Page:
The deadliest single tornado since 1953 barreled down on Joplin, Missouri on Sunday, dividing the city in half. The death toll continues to rise and currently 117 people are believed to have lost their life in the massive twister. Missouri Governor Jay Nixon’s spokesman, Sam Murphey, said Tuesday morning that the death toll in Joplin had risen to 117.

According to the National Weather Service, the single deadliest tornado prior to this week was in Flint Michigan in 1953.  That tornado killed 116 people.  The National Weather Service began tracking tornadoes in 1950. From their research, they believe that there were deadlier tornadoes before 1950. The agency says the single deadliest day that it is aware of was March 18, 1925, when tornadoes killed 747 people.

This spring has been an active tornado season.  A series of twisters ripped through the southern states in late April killing 314 people.  Alabama was the hardest hit of the six states that suffered destruction from the pack of twisters.

Sunday′s massive twister went right through the Missouri town of about 50,000 people. St. John’s Regional Medical Center was hit and five patients were confirmed dead, along with one hospital visitor. The tornado destroyed possibly “thousands” of homes, according to Fire Chief Mitch Randles.  It leveled hundreds of businesses, including massive ones such as Home Depot and Walmart.

President Barack Obama said he would travel to Missouri next Sunday to meet with people whose lives have been turned upside down by the twister. He vowed to make all federal resources available for efforts to recover and rebuild. “The American people are by your side,” Obama said from London. “We’re going to stay there until every home is repaired, until every neighborhood is rebuilt, until every business is back on its feet.”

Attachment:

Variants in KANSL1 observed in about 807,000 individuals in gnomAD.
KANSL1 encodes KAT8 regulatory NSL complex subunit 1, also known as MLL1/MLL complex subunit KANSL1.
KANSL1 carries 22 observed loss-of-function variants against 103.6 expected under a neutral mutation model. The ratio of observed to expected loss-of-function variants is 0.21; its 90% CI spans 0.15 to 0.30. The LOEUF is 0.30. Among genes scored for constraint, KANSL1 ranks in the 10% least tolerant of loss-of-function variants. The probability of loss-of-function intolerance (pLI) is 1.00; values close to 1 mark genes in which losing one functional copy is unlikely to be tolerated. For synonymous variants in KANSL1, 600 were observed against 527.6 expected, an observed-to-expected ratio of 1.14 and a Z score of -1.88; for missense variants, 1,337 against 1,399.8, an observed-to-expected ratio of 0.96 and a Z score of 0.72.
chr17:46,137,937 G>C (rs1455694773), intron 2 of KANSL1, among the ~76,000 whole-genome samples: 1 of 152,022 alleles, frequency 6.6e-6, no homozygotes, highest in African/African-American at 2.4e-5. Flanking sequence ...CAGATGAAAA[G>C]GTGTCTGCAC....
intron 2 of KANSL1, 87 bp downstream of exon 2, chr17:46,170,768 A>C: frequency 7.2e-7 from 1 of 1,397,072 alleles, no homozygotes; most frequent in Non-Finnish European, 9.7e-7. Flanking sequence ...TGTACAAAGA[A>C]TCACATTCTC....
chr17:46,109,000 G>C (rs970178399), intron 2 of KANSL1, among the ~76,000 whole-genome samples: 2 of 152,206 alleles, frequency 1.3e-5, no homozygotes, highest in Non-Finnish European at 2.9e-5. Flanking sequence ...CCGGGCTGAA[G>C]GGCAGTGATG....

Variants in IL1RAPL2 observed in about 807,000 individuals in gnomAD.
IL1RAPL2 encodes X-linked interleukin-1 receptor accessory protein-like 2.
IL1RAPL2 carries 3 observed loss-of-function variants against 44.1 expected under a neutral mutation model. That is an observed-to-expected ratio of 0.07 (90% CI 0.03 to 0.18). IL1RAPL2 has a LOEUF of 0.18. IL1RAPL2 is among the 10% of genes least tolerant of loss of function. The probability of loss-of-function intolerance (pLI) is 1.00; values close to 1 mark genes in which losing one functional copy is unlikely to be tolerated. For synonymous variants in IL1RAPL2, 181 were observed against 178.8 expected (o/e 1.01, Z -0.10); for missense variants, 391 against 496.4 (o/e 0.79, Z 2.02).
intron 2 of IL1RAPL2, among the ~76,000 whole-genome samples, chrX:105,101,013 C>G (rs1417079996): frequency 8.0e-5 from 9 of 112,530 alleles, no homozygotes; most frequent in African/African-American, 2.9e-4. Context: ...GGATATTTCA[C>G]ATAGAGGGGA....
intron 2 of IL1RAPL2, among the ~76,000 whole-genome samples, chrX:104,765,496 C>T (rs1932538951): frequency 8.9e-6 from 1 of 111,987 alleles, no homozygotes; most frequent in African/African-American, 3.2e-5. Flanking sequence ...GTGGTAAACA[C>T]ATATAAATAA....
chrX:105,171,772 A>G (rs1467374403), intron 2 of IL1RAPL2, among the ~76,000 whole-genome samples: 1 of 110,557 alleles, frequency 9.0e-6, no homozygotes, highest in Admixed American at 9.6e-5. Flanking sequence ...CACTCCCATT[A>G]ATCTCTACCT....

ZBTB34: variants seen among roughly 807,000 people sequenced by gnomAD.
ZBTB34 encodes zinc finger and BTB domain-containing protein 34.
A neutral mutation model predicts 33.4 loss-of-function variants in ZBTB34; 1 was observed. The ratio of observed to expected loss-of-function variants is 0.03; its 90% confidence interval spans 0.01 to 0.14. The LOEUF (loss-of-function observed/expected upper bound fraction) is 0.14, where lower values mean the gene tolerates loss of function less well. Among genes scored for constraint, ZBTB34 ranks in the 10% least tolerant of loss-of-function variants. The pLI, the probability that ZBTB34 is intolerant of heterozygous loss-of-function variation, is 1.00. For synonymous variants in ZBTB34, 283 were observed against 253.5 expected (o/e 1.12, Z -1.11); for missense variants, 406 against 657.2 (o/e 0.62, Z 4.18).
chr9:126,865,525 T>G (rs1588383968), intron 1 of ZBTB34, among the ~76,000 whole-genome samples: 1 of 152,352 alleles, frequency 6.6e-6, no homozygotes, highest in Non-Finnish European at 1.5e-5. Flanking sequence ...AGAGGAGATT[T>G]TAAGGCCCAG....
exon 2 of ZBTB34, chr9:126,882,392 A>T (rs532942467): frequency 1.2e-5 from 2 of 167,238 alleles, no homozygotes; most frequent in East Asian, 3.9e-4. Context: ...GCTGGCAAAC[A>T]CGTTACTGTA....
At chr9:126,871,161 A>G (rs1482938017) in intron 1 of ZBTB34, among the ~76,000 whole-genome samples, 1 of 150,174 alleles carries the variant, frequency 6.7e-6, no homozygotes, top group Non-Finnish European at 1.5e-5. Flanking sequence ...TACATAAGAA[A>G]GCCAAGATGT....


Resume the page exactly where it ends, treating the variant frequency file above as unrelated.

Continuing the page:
Craig Fugate, director of the Federal Emergency Management Agency, told NBC’s “Today” show Tuesday that Obama has declared a disaster in the area, which means residents are eligible for his agency’s assistance. “We’re here for the long haul, not just for the response,” Fugate said.

This week Missouri continues to have the threat of severe weather with the increasing possibility that the same area could be struck by tornadoes again. The Storm Prediction Center in Norman, Okla., said a repeat could be setting up, with a possible large tornado outbreak in the Midwest on Tuesday and bad weather potentially reaching the East Coast by Friday.”This is a very serious situation brewing,” center director Russell Schneider said.